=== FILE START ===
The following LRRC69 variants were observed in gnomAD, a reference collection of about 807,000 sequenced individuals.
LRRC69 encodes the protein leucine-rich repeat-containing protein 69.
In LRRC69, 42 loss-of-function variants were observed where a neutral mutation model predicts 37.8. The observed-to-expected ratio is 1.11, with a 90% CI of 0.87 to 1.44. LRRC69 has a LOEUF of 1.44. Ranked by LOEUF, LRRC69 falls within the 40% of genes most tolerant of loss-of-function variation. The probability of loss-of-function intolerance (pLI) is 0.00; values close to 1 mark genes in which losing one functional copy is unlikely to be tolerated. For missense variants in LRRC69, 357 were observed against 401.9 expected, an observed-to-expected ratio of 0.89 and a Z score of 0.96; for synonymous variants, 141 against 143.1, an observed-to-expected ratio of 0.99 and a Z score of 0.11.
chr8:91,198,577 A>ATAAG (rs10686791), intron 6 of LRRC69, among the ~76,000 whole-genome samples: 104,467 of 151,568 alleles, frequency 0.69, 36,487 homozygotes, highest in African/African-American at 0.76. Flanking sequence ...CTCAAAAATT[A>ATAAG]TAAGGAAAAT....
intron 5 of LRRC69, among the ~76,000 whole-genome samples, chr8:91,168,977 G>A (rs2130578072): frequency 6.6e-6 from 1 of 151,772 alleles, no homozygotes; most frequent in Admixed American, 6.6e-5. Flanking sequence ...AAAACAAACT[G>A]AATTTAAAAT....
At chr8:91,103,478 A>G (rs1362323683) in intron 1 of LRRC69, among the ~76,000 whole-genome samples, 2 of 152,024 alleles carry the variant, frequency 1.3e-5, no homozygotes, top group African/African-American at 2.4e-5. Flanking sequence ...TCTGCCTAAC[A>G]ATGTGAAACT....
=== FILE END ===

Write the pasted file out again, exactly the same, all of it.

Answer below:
The following LRRC69 variants were observed in gnomAD, a reference collection of about 807,000 sequenced individuals.
LRRC69 encodes the protein leucine-rich repeat-containing protein 69.
In LRRC69, 42 loss-of-function variants were observed where a neutral mutation model predicts 37.8. The observed-to-expected ratio is 1.11, with a 90% CI of 0.87 to 1.44. LRRC69 has a LOEUF of 1.44. Ranked by LOEUF, LRRC69 falls within the 40% of genes most tolerant of loss-of-function variation. The probability of loss-of-function intolerance (pLI) is 0.00; values close to 1 mark genes in which losing one functional copy is unlikely to be tolerated. For missense variants in LRRC69, 357 were observed against 401.9 expected, an observed-to-expected ratio of 0.89 and a Z score of 0.96; for synonymous variants, 141 against 143.1, an observed-to-expected ratio of 0.99 and a Z score of 0.11.
chr8:91,198,577 A>ATAAG (rs10686791), intron 6 of LRRC69, among the ~76,000 whole-genome samples: 104,467 of 151,568 alleles, frequency 0.69, 36,487 homozygotes, highest in African/African-American at 0.76. Flanking sequence ...CTCAAAAATT[A>ATAAG]TAAGGAAAAT....
intron 5 of LRRC69, among the ~76,000 whole-genome samples, chr8:91,168,977 G>A (rs2130578072): frequency 6.6e-6 from 1 of 151,772 alleles, no homozygotes; most frequent in Admixed American, 6.6e-5. Flanking sequence ...AAAACAAACT[G>A]AATTTAAAAT....
At chr8:91,103,478 A>G (rs1362323683) in intron 1 of LRRC69, among the ~76,000 whole-genome samples, 2 of 152,024 alleles carry the variant, frequency 1.3e-5, no homozygotes, top group African/African-American at 2.4e-5. Flanking sequence ...TCTGCCTAAC[A>G]ATGTGAAACT....